What's New in Surgical AI: 10/29
Vol 2: Scribes, (Even) Faster AI, and Best Paper
Welcome back to Ctrl-Alt-Operate, where surgeons dissect innovations at the intersection of artificial intelligence and healthcare.
This week, we focus on the rise of challengers to electronic medical records, highlight a new data science pipeline for brain tumors, and round up the best that Med+AI Twitter had to offer.
Table of Contents
But first, a quick poll to check in:
EMR 1.0 is dead. Could an AI based on a TikTok joke save EMR 2.0?
Doctors, nurses and patients are begging for disruption of EMR 1.0
Every day, we spend a median of ≥ 1 hour (maximum of 5 hours!!) after the end of a shift “catching up on charting”, causing moral injury, burnout & divorce.
a little bit of history
If you’re not in medicine, you might not have felt the visceral revulsion doctors and nurses have for the electronic medical record, or EMR. In the old days (ok, boomer Dan), notes and orders were scribbled on a piece of paper at the patient’s bedside. This was problematic but hyper-efficient for doctors and nurses. In 2009 the HITECH act mandated “meaningful use” of electronic records and prescriptions. This fifty-billion dollar industry is dominated by two systems whose minimal advances and shameless attempts to extract payments from the most vulnerable patients are legendary.
Fortunately, one medical Tik Tok celebrity wants to fix all of this…
Enter the AI “Jonathan”
Randomized controlled trials showed ≥10x increases in satisfaction when physicians pay a human “scribe” to convert their conversations to EMR-gobbledygook in real time, but scribes are expensive and rare (sorry Jonathan).1
AI can effectively transcribe and translate speech from hundreds of spoken languages (last week's letter highlighted META 0.00%↑ speech matrix dataset) and generate automated subtitles in near-real time.
But can an AI speak medicine?
Could this actually be the missing piece?
Can we guide the direction of AI scribes to align the promise of the EMR with the humans of medicine?
Or will this be another misguided attempt at “efficiency” (read: extracting revenue from poor patients using uncompensated clinician effort)? Soon we’ll see AI- litigators sueing the AI-scribes (coming right up!).
At this point we are all deeply cynical about MedTech deployments being captured by the horribly broken medical system, but deeply optimistic about innovations in MedTech.
Our inboxes are open for implementations that keep the needs of humans, machines, and the medical system aligned.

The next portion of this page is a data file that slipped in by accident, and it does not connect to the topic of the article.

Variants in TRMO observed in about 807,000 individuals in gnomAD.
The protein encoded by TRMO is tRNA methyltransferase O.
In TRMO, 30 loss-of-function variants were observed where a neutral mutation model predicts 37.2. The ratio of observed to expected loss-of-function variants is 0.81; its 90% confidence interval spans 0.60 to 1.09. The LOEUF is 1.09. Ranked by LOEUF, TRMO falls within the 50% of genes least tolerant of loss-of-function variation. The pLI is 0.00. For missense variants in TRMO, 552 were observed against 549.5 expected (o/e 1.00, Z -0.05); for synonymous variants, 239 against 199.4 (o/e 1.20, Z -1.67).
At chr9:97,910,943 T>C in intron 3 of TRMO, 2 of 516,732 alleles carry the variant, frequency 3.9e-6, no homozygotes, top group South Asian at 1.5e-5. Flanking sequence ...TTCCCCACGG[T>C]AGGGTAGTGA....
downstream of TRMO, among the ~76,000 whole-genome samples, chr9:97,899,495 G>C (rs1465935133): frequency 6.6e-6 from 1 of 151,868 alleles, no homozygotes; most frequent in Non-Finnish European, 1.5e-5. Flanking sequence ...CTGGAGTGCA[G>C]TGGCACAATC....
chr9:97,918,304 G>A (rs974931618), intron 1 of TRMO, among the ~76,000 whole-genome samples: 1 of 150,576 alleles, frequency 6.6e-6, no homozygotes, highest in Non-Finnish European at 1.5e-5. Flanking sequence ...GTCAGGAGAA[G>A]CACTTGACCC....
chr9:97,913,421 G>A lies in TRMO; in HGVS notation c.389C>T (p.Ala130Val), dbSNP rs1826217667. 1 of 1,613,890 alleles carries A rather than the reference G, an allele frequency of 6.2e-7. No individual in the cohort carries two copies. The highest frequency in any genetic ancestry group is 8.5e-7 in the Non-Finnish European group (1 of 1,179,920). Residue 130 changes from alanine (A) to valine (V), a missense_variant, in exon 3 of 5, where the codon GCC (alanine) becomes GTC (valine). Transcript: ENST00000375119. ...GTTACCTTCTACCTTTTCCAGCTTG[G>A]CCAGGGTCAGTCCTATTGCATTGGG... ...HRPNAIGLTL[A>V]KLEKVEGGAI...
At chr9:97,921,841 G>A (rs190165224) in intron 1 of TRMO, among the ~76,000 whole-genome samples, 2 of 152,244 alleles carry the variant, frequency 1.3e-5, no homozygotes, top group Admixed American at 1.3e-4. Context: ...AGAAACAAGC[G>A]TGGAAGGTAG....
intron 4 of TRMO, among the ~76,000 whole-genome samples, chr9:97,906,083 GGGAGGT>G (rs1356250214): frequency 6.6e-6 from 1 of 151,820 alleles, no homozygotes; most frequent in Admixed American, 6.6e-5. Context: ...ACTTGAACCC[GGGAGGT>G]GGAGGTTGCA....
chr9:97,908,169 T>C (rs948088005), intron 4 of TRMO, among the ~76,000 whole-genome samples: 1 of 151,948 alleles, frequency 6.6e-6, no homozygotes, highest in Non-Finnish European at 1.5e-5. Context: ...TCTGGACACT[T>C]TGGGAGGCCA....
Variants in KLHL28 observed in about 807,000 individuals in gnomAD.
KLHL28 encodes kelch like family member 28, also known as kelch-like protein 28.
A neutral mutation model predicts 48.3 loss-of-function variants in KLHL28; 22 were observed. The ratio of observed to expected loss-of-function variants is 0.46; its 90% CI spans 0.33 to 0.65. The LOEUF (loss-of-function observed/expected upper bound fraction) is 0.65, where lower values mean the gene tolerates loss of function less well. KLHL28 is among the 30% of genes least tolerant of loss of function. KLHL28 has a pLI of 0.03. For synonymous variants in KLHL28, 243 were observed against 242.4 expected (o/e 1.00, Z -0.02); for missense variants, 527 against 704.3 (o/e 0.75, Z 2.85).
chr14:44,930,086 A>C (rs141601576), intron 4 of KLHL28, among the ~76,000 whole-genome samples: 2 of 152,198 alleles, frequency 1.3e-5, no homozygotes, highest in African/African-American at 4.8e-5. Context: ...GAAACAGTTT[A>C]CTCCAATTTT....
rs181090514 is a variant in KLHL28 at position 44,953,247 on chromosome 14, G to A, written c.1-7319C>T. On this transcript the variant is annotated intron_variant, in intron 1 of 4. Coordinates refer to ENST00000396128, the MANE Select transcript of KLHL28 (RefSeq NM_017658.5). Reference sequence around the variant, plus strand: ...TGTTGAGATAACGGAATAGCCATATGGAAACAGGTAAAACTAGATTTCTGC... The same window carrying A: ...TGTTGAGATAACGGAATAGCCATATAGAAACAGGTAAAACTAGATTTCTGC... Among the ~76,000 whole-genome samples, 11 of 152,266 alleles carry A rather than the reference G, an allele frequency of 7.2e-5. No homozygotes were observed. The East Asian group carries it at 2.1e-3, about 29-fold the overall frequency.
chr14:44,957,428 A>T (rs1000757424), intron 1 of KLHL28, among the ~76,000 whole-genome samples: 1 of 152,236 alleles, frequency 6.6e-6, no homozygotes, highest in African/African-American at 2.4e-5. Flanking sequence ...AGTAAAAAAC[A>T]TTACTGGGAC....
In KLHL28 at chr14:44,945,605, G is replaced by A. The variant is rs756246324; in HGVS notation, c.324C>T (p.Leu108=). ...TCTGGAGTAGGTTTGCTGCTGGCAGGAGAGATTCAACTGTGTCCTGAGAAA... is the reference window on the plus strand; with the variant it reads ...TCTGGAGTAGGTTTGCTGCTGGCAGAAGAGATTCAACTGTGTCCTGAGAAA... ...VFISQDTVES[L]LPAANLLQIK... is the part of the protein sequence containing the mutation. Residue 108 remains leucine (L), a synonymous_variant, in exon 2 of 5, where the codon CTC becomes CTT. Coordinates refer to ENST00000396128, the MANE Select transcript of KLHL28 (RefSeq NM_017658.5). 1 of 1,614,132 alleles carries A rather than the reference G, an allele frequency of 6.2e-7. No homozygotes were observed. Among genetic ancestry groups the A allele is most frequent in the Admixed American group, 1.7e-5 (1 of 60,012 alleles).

🏆 Paper of the week - A pipeline to predict the genetic code of a brain tumor before surgery
Glioblastoma (GBM) is a deadly brain cancer that kills ~200,000 people worldwide annually. New medicines and surgical strategies based on the genetic code of some GBM tumors help some patients survive longer, but we have to drill a hole into the patient’s head to find out if their tumor has the “right” genes.
Matt Pease and the team @MSKCancerCenter @PittNeurosurg built a radiomics pipeline to predict these genetic alterations from MRI scans alone. This could mean faster times to diagnoses, getting the pathways for treatment moving prior to surgery, and at the minimum, allows for another data point of discussion between a clinician and patient + family who just received a life changing diagnosis. Kudos!
Best of Twitter (pre-Elon edition) 🐤
Faster is happening …
10am: Google releases the paper and model code for Flan-T5, an open source language model
1pm (3 hours later) : A hugging-face 🤗 API exists so you can utilize the model in (more or less) a handful of lines of code.
An overwhelming number of guides and tweetorials are published everyday in the twitterverse. Here are the ones we actually read and liked:
Feeling inspired? Drop us a line and let us know what you liked.
Like all surgeons, we are always looking to get better. Send us your M&M style roastings or favorable Press-Gainey ratings by email at email@example.com
Every single “innovation” in AI + medicine follows this format: “«x» is well-known to make «x» better, but we don’t have enough humans to do it.” Maybe we should just copy-paste, or come up with a catchy name for this like “the replacement dilemma.”